Crime marches on, and more Mac intrusions are reported along with the usual slew of Android hacks
* Facebook scammers host Trojan horse extensions on the Chrome Web Store
* Chinese Company and Employee Deny Any Involvement in Hacking Attacks
* Mac backdoor Trojan embedded inside boobytrapped Word documents
* Malware Alert: DKFBootkit embedded into pirated AndroidOS apps
* New Trojan malware disguises itself as an Android game app
* Surveillance spyware migrates from Windows to Mac OS X
* Mac malware exploits Microsoft Office vulnerability
* Report cites U.S., Canada as malware attack focus
* AlienVault Warns of New Mac Malware Campaign
* Links between China and hacker group CSO
. . . and more!
AlienVault Warns of New Mac Malware Campaign
Researchers at AlienVault recently discovered a new Mac Trojan being distributed inside a boobytrapped Microsoft Word document. “This is one of the few times that we have seen a malicious Office file used to deliver Malware on Mac OS X,” AlienVault’s Jamie Blasco writes.
“The targeted attack relies upon a critical security vulnerability discovered in Microsoft Word back in 2009, which allowed remote code execution (MS09-027),” writes Sophos’ Graham Cluley.
Full story : eSecurity Planet
Mac backdoor Trojan embedded inside boobytrapped Word documents
If you’ve read InfoManager for very long, you’ll know we recommend absolutely never send, nor receive a dot-doc file. Of course, nobody ever heeds our warnings and billions are sent daily . . . but here, we’re proven right once again!
The folks at AlienVault discovered an interesting new Mac malware attack this week. A backdoor Trojan horse, which would allow a remote hacker to access your Mac computer without your knowledge and potentially snoop on your files and activity, has been discovered hidden inside a boobytrapped Word document.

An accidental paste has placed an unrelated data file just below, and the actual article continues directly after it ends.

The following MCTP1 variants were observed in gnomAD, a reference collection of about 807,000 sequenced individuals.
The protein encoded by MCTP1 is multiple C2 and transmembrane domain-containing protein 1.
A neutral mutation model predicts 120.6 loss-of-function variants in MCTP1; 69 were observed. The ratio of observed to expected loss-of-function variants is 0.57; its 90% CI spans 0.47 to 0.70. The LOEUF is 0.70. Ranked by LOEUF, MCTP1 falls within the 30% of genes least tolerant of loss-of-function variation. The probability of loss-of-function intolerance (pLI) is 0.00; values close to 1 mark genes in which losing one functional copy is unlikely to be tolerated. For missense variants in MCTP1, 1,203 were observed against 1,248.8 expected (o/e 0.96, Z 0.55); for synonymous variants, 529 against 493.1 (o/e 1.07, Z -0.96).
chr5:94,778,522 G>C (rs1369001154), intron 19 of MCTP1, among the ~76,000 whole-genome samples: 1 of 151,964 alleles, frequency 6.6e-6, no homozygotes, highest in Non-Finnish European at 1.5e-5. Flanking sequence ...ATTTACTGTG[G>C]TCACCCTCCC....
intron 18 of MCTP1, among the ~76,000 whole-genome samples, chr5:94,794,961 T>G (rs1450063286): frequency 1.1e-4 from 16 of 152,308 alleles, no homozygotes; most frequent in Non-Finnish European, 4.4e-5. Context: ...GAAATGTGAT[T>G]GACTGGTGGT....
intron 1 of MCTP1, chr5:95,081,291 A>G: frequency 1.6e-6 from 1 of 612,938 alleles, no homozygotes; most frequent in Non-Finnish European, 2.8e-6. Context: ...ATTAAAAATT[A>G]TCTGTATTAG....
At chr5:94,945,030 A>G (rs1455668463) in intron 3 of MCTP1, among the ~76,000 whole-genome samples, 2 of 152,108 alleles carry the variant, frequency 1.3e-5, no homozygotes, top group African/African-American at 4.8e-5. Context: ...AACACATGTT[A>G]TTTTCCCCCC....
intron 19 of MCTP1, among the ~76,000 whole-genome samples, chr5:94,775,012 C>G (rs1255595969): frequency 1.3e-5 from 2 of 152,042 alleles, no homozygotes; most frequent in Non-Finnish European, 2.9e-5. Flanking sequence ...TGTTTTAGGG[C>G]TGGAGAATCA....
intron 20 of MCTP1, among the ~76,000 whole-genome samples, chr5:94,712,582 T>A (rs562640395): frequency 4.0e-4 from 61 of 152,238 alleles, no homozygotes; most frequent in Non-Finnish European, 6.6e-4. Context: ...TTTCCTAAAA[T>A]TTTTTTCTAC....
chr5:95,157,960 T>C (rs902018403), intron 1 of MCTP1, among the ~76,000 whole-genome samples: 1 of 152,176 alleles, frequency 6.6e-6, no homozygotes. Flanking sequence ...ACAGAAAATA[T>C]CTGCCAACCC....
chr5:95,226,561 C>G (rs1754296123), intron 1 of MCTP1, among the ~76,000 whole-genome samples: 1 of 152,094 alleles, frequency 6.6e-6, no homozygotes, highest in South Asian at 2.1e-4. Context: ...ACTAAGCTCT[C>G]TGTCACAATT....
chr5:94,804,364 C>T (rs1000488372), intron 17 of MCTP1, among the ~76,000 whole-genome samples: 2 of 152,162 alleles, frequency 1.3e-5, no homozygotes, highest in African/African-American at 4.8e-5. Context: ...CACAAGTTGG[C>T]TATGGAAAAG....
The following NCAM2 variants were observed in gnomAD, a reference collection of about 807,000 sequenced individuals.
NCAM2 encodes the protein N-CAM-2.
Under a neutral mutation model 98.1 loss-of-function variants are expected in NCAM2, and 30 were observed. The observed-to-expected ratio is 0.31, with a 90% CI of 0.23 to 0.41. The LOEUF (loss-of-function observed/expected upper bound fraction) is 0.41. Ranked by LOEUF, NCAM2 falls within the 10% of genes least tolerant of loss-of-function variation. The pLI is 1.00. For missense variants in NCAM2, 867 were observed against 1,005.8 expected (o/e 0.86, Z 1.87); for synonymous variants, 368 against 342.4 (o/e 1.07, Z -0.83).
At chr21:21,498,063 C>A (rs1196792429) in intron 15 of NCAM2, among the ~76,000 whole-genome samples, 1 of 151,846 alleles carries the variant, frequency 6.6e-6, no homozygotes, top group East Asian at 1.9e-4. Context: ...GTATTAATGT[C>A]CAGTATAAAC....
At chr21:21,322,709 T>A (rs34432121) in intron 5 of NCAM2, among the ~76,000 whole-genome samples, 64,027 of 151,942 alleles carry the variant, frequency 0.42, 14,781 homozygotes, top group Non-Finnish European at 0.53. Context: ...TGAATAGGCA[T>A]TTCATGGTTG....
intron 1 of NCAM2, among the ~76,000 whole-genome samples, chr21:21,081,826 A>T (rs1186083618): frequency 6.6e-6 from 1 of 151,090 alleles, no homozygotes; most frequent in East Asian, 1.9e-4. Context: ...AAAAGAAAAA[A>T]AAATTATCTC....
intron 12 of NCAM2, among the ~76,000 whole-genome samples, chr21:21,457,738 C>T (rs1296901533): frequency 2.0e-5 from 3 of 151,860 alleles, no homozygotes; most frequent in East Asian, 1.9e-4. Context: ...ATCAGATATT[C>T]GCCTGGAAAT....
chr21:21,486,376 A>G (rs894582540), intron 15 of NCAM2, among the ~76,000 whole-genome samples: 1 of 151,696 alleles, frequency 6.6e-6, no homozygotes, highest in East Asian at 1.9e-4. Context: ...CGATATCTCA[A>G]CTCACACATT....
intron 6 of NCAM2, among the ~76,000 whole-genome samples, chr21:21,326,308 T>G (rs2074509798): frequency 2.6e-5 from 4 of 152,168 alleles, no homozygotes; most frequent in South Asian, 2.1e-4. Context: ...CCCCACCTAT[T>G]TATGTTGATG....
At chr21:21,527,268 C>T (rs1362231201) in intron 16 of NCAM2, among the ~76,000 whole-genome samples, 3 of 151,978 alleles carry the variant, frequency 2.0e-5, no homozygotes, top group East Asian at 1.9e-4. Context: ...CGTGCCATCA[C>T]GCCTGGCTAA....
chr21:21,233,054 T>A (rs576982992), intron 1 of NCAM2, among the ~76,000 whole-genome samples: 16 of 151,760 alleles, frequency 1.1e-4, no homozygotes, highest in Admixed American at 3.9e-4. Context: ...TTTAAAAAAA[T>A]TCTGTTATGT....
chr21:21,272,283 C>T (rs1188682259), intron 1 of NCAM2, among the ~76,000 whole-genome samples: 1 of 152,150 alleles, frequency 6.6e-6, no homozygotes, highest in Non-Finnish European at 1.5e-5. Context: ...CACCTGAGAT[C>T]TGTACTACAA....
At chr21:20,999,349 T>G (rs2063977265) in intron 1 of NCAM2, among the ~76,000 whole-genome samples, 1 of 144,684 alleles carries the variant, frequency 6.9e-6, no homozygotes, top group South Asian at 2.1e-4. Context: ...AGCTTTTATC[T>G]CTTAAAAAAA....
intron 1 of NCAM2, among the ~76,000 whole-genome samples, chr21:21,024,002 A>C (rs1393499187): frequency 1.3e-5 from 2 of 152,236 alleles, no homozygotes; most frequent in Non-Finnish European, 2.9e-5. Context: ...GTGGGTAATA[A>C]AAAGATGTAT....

Full story : Graham Cluley on Naked Security
Mac malware exploits Microsoft Office vulnerability
Rogue emails distribute booby-trapped Microsoft Word file that installs Mac OS Trojan, researchers said
Security researchers have encountered new email-based targeted attacks that exploit a vulnerability in Microsoft Office to install a remote access Trojan horse program on Mac OS systems.
Full story : InfoWorld
Report cites U.S., Canada as malware attack focus
In its annual review of global security threats, Websense says a major trend it observed last year is that more malware connections, hosting and phishing appear to be occurring in the United States and Canada.
“50% of malware connections lead to the U.S.,” says Charles Renert, vice president of Websense Security Labs. According to the 2012 Websense Threat Report, Canada’s malware ranking has also zoomed upward in the past year, so the country now clocks in at No. 2 at 13.2%. The countries in the top five ranking include Germany at 5.4%, the Netherlands at 4.9% and China at 4.1%.
Full story : Network World
Facebook scammers host Trojan horse extensions on the Chrome Web Store
Cybercriminals are uploading malicious Chrome browser extensions to the official Chrome Web Store and use them to hijack Facebook accounts, according to security researchers from Kaspersky Lab.